That was the conclusion of a panel of experts who met this week in Washington, D.C. The conference was sponsored jointly by the American College of Endocrinology (ACE) and the American Association of Clinical Endocrinologists (AACE) with participation from the American Medical Association and other organizations.
The condition, which is known as metabolic syndrome or "Syndrome X," was first identified by Stanford medical professor Gerald Reaven. It is associated with an increased risk of diabetes, heart problems and strokes.
Although I usually write about technology issues, the reason I'm tackling this subject is because I was part of Dr. Reaven's recent study to determine the effects of weight loss on Syndrome X.
Insulin resistance, according a statement on the Web site of the American Association of Clinical Endocrinologists, "is characterized by decreased tissue sensitivity to the action of insulin, leading to a compensatory increase in insulin secretion. Most people with insulin resistance are able to secrete enough insulin to maintain non-diabetic glucose levels. Some of these people will go on to develop overt type 2 diabetes. However, the majority, even if they do not develop diabetes, are still at significantly increased risk for heart attack, stroke and other diseases."
Insulin resistance is often associated with being overweight. Other risk factors include high blood pressure (greater than 130/85), high triglycerides (150 mg/dl or higher), high LDL cholesterol and low HDL cholesterol (less the 40 for men or less than 50 for women). Also at greater risk are men with a waist circumference over 40 inches, women with a waist circumference over 35 inches, those with a sedentary lifestyle and those over age 40. Non-caucasian ethnicities (Latino/Hispanic American, African American, Native American, Asian American and Pacific Islander) are at greater risk, too. The more risk factors you have, the greater the chance that you are insulin resistant.
The good news is that many people can go from being insulin resistant to "insulin sensitive" simply by loosing weight. I know, because in July of 2001, I was diagnosed with the syndrome by a team of Stanford doctors headed by Dr. Gerald Reaven and his collaborator, Tracey McLaughlin. Reaven and McLaughlin were both speakers at the recent Washington conference.
To confirm my diagnosis, the medical team administered a four-hour test called the Steady State Plasma Glucose Test. I scored 225, which put me in the 95th percentile for the syndrome. They then put me on a diet and when they retested me six months later, after a 30-pound weight loss, I no longer had the condition: I was insulin sensitive with an SSPG of 71 percent, the 20th percentile. Not everyone will have as dramatic a result, but just about everyone who is insulin resistant will benefit from a weight loss diet. Details about my diet and the study can be found in an extensive article I wrote that you'll find at www.pcanswer.com/fitness/weightloss.htm.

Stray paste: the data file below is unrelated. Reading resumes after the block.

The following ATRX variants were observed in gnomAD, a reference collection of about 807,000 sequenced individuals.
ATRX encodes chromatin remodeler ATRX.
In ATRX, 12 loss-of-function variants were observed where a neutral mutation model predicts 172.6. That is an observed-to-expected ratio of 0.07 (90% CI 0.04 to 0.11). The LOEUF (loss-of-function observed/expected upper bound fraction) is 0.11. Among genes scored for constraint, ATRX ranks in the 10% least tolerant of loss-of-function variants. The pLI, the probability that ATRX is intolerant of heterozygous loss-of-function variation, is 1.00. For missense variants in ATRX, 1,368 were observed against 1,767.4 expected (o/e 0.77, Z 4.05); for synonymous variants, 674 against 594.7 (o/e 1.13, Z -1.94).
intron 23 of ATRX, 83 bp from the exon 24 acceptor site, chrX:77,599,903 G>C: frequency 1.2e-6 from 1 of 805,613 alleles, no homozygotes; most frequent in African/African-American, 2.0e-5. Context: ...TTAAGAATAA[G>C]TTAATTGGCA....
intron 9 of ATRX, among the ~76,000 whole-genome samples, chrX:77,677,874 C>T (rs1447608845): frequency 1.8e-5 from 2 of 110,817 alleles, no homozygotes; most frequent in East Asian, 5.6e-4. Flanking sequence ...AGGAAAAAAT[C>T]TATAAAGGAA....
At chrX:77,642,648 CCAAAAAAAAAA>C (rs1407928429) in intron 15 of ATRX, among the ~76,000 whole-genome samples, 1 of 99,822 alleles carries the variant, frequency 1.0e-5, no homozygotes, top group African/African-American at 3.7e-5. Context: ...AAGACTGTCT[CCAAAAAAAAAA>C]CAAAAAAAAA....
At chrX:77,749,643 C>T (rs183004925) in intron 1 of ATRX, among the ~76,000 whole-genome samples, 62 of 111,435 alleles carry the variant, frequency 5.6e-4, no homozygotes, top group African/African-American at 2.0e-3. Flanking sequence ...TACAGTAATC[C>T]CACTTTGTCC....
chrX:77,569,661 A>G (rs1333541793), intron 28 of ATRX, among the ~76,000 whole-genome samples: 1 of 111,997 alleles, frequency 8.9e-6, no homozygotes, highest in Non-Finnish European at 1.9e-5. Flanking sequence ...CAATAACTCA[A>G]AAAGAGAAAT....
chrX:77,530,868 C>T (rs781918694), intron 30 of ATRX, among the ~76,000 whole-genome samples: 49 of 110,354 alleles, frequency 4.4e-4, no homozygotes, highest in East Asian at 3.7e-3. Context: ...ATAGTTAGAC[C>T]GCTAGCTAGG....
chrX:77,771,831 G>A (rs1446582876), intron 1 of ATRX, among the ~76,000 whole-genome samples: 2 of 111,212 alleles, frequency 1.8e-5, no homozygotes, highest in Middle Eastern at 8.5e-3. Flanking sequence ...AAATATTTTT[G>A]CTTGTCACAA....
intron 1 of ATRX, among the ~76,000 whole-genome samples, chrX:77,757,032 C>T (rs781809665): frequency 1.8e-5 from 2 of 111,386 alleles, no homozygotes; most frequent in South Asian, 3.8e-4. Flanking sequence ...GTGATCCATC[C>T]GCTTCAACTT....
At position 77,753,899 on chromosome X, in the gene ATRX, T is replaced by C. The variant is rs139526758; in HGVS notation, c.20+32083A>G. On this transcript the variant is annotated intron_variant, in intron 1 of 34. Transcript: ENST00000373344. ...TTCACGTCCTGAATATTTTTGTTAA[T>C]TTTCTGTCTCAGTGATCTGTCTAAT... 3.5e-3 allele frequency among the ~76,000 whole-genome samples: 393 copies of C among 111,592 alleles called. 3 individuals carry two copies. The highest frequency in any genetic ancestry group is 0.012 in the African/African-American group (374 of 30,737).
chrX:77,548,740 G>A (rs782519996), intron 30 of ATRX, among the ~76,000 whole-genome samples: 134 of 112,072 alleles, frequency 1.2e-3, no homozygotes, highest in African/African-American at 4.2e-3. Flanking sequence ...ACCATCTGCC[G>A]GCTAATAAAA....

The most commonly used indicator of healthy weight is your Body Mass Index or BMI which can be calculated via an online BMI calculator (you'll find a link at www.larrysworld.com/fitness). A BMI of 25 or lower is considered healthy. Above 25 is overweight and above 30 is considered obese.
A weight loss of 5 to 10 percent combined with moderate physical activity can have an enormous impact, according to Dr. Reaven.
Dr. Reaven does not advocate a diet that is high in carbohydrates, but unlike Dr. Robert Atkins, he is also against a diet that is heavy in protein and saturated fat. For those who may be insulin resistant, he recommends a diet that is roughly 40 percent fat (with no more than 7 percent of your calories from saturated fat), 45 percent carbohydrates and 15 percent protein.
Thanks to the work of Dr. Reaven and his colleagues, we now have a better understanding of this syndrome that can lead to some pretty serious diseases. Being diagnosed with Syndrome X is the best thing that ever happened to me because it started me on a diet and a fitness program that's benefiting me in so many ways. But you don't need a team of Stanford experts to know if you're at risk. If you have any of the risk factors I discussed earlier, talk with your doctor and, if you are overweight or out of shape, consider this a wake up call. It may be all the incentive you need.
A syndicated technology columnist for nearly two decades, Larry Magid serves as on air Technology Analyst for CBS Radio News. His technology reports can be heard several times a week on the CBS Radio Network. Magid is the author of several books including "The Little PC Book."
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By Larry Magid